Before changes are made to the product or the process.
After identifying an error in the process or the product.
When receiving numerous and consistent complaints from customers.
Sales support cost is unusually high.
When company credibility is at stake.
You can use this technique for any process and any product. This technique is not confined to any industry, or technology.
How to Use FMEA
As this technique is a qualitative analysis tool, it requires expert judgement; all relevant and available experts will need to be called in for one or more brainstorming sessions. These experts will help you postulate, collect, and evaluate the potential defects, their causes and the impact of the defects.
The experts should belong to all functional areas of the process or product so you can cover the the complete product life cycle.
You can use the following table to record the experts’ input. Special attention is given to analyzing the cause of possible equipment failure.
As you can see from the tables, the FMEA technique uses three parameters: severity, occurrence, and detection.
Severity shows the severity of the defect on the user. It is denoted by SEV in the table. Occurrence predicts how often the issue may occur. It is denoted by OCC in the table. Detection represents how easily you can find the problem. It is denoted by DET.
The experts are asked to assign a value to each parameter, from 1 to 10, for each potential error or defect, where 1 is extremely unlikely and 10 is extremely likely. After the brainstorming session ends, you get the list of problems, causes, and their ratings. All this information will be entered into a table.
Finally you multiply the severity, occurrence, and detection for each defect to generate an RPN. RPN stands for risk probability number and provides an overall risk impact score for each defect. In our example table, the RPN for the failure is 81.
After generating the RPN for all possible defects and failure you will need to decide the thresholds of each risk level, High, Medium, and Low. That is, what RPN number should be given a high priority, a medium and a low level priority?
Once these thresholds are decided and the RPNs are sorted, you will start working on the high priority RPNs, generating detection techniques, implementing policies and procedures detailing action plans, and determining best practice for mitigating or eliminating the defect.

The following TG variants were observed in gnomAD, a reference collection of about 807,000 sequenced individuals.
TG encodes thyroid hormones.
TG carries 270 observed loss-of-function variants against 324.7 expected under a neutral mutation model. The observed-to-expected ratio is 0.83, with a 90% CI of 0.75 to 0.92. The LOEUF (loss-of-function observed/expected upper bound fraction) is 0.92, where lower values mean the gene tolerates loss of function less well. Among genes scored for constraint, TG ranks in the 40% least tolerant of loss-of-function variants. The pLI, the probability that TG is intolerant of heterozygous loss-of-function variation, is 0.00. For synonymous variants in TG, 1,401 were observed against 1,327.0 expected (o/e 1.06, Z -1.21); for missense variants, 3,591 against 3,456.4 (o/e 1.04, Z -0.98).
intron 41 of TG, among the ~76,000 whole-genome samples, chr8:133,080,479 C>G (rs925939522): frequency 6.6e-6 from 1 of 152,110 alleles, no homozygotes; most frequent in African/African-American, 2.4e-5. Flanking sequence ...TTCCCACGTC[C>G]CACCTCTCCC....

For example, the second table shows your recommended action for an identified failure, who will be the responsible for this action, and when you should implement it.
Once this failure happens, you will record it and the action taken on it.
How to Implement FMEA
By this stage, you have a list of possible errors and their potential corrective actions. Now you will assign responsibility to your team members to implement these corrective actions so the RPN of these errors can be reduced.
After the corrective actions has been implemented, you will revisit these issues and review them again to assess the effectiveness of your corrective action plan. If need be a new FMEA will be generated to re-assess risks and defects.
While using this technique do not forget the Pareto Law. First of all, you should focus on the minority of causes that are creating most of the issues or defects. This provides the largest impact for the least resources. Once these high impact issues are resolved, you can take on the other defects as resources permit.
If you see a particular issue is not being resolved with the current corrective action, you can plan a new corrective action to mitigate the problem.
Benefits of FMEA
FMEA offers many benefits by identifying errors in the very early stages of the design, production, or in the process. Some of the benefits of FMEA are:
Improved and more reliable products
Less after sale support
Increased customer satisfaction
Improved brand recognition
Reduced failure and warranty costs
Maximizing profits by reducing after-sales expenses
FMEA is a proactive technique which helps you identify potential defects and failures before it actually happens. This is a fantastic qualitative technique, and if used correctly and consistently can bring many benefits to your organization.
Though this technique may be little time consuming because of involvement of various stakeholders, if implemented proactively, it will lead your project a successful ending.
Here is where this blog post on Failure Mode and Effect Analysis (FMEA) ends. If you have something to share, you can do so through the comments section.
– By Dr. Emad Rahim, PMP, CSM, Kotouc Family Endowed Chair and Associate Professor